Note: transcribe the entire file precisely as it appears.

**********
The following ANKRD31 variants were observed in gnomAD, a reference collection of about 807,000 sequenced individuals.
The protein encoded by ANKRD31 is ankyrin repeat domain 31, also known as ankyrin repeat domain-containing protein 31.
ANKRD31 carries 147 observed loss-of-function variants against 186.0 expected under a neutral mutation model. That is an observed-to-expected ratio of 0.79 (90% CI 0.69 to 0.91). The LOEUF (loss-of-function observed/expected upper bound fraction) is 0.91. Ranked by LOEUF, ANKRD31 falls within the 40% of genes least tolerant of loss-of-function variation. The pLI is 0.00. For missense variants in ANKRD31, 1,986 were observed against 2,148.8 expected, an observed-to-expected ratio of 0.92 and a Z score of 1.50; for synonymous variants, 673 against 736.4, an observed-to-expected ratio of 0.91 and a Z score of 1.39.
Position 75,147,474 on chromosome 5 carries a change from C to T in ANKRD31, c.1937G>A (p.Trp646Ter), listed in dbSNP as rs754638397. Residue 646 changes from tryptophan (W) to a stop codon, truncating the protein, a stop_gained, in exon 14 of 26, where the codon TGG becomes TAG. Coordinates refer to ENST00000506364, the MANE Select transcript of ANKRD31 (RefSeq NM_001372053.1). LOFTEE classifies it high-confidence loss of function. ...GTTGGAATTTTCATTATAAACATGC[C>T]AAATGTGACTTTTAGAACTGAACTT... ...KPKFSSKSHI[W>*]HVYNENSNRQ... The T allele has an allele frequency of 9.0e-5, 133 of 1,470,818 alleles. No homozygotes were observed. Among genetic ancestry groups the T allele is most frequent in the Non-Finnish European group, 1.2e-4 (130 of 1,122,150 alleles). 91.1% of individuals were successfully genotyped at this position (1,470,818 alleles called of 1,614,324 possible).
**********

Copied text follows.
The following ANKRD31 variants were observed in gnomAD, a reference collection of about 807,000 sequenced individuals.
The protein encoded by ANKRD31 is ankyrin repeat domain 31, also known as ankyrin repeat domain-containing protein 31.
ANKRD31 carries 147 observed loss-of-function variants against 186.0 expected under a neutral mutation model. That is an observed-to-expected ratio of 0.79 (90% CI 0.69 to 0.91). The LOEUF (loss-of-function observed/expected upper bound fraction) is 0.91. Ranked by LOEUF, ANKRD31 falls within the 40% of genes least tolerant of loss-of-function variation. The pLI is 0.00. For missense variants in ANKRD31, 1,986 were observed against 2,148.8 expected, an observed-to-expected ratio of 0.92 and a Z score of 1.50; for synonymous variants, 673 against 736.4, an observed-to-expected ratio of 0.91 and a Z score of 1.39.
Position 75,147,474 on chromosome 5 carries a change from C to T in ANKRD31, c.1937G>A (p.Trp646Ter), listed in dbSNP as rs754638397. Residue 646 changes from tryptophan (W) to a stop codon, truncating the protein, a stop_gained, in exon 14 of 26, where the codon TGG becomes TAG. Coordinates refer to ENST00000506364, the MANE Select transcript of ANKRD31 (RefSeq NM_001372053.1). LOFTEE classifies it high-confidence loss of function. ...GTTGGAATTTTCATTATAAACATGC[C>T]AAATGTGACTTTTAGAACTGAACTT... ...KPKFSSKSHI[W>*]HVYNENSNRQ... The T allele has an allele frequency of 9.0e-5, 133 of 1,470,818 alleles. No homozygotes were observed. Among genetic ancestry groups the T allele is most frequent in the Non-Finnish European group, 1.2e-4 (130 of 1,122,150 alleles). 91.1% of individuals were successfully genotyped at this position (1,470,818 alleles called of 1,614,324 possible).